The record industry has anointed and cast aside so many next-big-things since the Yeah Yeah Yeahs burst onto the scene back in 2001 that singer Karen O and her bandmates -- whose second album, "Show Your Bones," is out this week -- almost seem like veteran figures of the indie music scene. We caught up with the iconic frontwoman via phone and asked her about being a woman in rock and why it took so long to get the second album out.
It seems you have been very much the focus of the media interest in the Yeah Yeah Yeahs. Is this a natural state of affairs, or one influenced by the demands of the industry?
That's something that we try and control, but it's only in our control up to a certain point, then the power is really out of our hands. We try and represent ourselves as three people in a band as opposed to "me me me" whenever we have that chance but it's really kind of not something that we can always really control because that's just crazy. I'm sure that with the industry and the label, it just makes sense that they would want to focus on, you know, the female lead singer in the band. But I think that we always try and represent ourselves as a three-piece. It's another hard question to answer because there's like reality, and then there's what we feel, what would be nice. I don't want to be completely denying the fact that being a woman, being a lead singer, is going to draw a lot of attention to myself, one way or the other, but at the same time if you talk to Nick or Brian or you get to know them, what they do in the band ... We all work really, really hard at our jobs in the band and I think we're all really fucking good at what we do in the band, and if any of us slip up, we're totally fucked.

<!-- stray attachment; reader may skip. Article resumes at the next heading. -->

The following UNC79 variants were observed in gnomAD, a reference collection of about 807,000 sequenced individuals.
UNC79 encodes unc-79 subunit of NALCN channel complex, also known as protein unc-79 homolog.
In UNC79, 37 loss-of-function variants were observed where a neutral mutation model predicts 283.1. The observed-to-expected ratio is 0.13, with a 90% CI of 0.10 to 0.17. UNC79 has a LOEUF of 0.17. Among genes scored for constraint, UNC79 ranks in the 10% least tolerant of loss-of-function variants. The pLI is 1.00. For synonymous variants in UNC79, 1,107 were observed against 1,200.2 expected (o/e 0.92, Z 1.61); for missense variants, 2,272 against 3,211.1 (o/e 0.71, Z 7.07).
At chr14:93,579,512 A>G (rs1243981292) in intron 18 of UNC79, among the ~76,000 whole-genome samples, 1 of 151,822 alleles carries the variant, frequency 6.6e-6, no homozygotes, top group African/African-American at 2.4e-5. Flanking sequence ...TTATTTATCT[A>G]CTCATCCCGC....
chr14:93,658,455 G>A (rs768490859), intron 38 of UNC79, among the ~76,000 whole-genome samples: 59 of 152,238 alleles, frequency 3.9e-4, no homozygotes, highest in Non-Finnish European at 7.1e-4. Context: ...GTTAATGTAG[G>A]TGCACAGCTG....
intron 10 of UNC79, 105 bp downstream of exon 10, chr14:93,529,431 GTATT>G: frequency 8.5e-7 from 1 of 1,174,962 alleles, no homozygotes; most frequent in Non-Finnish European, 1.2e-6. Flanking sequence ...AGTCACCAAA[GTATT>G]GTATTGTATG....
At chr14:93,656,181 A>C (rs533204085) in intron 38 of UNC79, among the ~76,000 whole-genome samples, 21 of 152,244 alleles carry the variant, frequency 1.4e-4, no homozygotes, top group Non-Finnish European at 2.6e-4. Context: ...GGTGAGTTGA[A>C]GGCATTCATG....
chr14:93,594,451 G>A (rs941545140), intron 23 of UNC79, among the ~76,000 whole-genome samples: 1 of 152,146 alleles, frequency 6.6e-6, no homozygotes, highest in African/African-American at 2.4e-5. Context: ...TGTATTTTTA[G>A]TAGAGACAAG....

As ever, it seems women are underrepresented in the indie/alternative world: How conscious are you of your position with regards to this -- any particular hurdles you've overcome, and are you conscious of being a role model yourself?
If there's any kind of question that I'm a little bit more nervous or a little bit more self-aware about regarding the new record, that is the one. Being one of the only women at this level in rock -- maybe being more of a role model and someone to look to for girls -- out of everything, that makes me feel a little bit more pressured than anything else. I think that it's probably because it must mean something to me. It must be important to me in some way. I didn't think about it that much [when writing the album] because I think the success of liking what I'm doing or feeling like the song is good and the music is good has to do with not thinking about stuff like that. But now that the album's done, that's something that's on my mind. I didn't really think about it when we were coming up. Some of the disadvantage of being a woman only started its ugly head along the road, I'd say.
You seem to have waited longer than most to release a follow-up album -- was there any particular thinking behind this?
I think we needed time off and time to plug back into our lives outside of the Yeah Yeah Yeahs. For one thing, I was completely drained and tapped out after almost three years of playing the same songs. For another thing you can't really write music -- I don't think you can write good music unless you live a little life that is outside of touring and being on the road playing music all the time. It was important for me to take that year in-between finishing the last cycle and starting this new one to just get involved with living again a little bit more so I would have more to offer with the music.
-- Matt Glazebrook